It took me a long time to fall asleep the other night and I knew exactly why. I was spinning scenarios in my head of conversations that hadn’t occurred but could occur (although in daylight, it seems far more likely that they would not occur) and how I would feel should that come to pass. I could have listed a variety of negative emotions to describe my mental state that night, including disappointed, frustrated, or sad, but the emotion I kept returning to was fear.
And I realized that the reason I was afraid, the reason I was experiencing the negative emotions of fear, disappointment, frustration, and sadness, was because I had run into something that mattered.
And I took comfort in this thought because we are not bothered by things that don’t matter to us. We do not lie awake at night overthinking, mulling over, fretting about what is meaningless. Rather, we find ourselves troubled precisely because we care. If we didn’t, there would be nothing to think about. Coming to this realization calmed me enough that I fell asleep.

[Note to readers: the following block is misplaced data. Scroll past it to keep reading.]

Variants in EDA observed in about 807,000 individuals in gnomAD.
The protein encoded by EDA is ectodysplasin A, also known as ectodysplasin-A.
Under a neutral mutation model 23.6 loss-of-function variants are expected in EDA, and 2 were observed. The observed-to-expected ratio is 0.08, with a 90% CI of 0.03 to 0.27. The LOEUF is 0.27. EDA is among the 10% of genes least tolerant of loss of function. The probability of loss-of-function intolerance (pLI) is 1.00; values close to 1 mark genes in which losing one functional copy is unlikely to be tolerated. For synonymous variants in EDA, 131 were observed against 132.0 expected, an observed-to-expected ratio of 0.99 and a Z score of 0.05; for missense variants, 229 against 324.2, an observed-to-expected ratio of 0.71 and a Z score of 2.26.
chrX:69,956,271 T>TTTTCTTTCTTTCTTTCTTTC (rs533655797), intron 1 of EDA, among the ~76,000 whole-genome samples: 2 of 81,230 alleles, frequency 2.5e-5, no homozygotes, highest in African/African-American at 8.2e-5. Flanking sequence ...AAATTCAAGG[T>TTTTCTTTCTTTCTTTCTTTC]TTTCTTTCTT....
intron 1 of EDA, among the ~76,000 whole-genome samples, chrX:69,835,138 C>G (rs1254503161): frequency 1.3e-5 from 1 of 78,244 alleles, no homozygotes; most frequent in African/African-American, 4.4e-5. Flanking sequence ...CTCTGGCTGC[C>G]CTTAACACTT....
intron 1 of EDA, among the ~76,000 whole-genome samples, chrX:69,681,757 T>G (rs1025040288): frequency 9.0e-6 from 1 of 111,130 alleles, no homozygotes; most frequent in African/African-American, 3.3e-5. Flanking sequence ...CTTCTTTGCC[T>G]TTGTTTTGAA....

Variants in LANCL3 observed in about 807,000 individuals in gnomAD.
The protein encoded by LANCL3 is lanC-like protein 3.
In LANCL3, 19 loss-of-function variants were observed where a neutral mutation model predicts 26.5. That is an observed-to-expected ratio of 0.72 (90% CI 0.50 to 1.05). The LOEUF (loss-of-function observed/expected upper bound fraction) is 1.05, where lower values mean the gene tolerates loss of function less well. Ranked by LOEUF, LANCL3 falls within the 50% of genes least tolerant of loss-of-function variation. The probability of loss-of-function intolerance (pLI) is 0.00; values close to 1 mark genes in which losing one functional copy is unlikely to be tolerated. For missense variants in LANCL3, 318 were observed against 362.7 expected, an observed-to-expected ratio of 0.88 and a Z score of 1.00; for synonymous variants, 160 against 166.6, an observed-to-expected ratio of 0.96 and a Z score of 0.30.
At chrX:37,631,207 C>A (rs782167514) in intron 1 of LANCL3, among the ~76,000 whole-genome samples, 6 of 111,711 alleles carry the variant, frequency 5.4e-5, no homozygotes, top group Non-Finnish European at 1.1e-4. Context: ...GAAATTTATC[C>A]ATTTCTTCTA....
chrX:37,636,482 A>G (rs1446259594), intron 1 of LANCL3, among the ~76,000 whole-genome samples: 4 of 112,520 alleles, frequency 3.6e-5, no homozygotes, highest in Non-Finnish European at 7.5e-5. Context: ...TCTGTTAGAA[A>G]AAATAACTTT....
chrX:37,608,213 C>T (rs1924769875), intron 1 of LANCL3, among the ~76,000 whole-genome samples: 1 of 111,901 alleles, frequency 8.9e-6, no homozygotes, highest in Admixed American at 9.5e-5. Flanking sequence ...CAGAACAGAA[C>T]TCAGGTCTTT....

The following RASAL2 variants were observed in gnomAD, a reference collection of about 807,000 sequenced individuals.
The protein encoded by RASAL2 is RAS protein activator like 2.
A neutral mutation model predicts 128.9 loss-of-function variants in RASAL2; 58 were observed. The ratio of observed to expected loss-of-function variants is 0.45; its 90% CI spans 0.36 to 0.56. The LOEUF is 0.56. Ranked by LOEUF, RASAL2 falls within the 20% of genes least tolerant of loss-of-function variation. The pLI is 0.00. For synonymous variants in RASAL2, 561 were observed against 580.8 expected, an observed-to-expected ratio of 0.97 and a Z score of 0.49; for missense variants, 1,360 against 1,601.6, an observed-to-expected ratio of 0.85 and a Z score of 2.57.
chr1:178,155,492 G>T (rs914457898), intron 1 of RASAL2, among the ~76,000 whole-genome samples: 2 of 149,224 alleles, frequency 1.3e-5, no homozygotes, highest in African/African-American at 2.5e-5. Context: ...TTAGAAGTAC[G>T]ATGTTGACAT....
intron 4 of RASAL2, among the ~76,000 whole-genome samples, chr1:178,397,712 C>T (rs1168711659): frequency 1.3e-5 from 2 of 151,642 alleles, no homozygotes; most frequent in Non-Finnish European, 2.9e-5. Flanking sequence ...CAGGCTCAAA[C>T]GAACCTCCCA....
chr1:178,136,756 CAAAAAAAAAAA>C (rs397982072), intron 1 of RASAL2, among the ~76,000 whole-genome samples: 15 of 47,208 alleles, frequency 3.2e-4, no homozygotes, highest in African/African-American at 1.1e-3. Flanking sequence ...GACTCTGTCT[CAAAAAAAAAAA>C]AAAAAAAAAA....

I’d be more bothered, I think, if the thoughts had floated into my mind without my noticing. That would mean there was no depth, no substance, no weight to any of it. And while I don’t need to lie awake to know that something matters to me, while I have practiced enough meditation to know how to recognize a thought and its sensations and then (still with a good deal of effort) set it to rest, the experience was nevertheless a nice affirmation that I haven’t lost track of what I would like my world to hold.
I don’t want to say that experiencing negative emotions is a positive thing, and I don’t want to dismiss the persistent sadness and hopelessness that characterize depression, for example. However, I do want to reframe what it might mean, for instance, to experience stress before an exam or job interview, to deeply miss someone, to feel an ache because a chapter of our lives has ended. Feeling this way means that something important is at stake or has been part of our experience. Life without emotional valence would be hollow indeed.
If the world were nothing but sunshine, I wonder if we’d stop seeing it after a while. And if it were only dark clouds, perhaps we’d stop looking for that break of sunshine. We need the whole spectrum, I think, to appreciate what it is that we have before us and what it is that matters to us. It’s not pleasant to lie awake and ruminate, but I’d gladly take the rumination over not having cared deeply at all.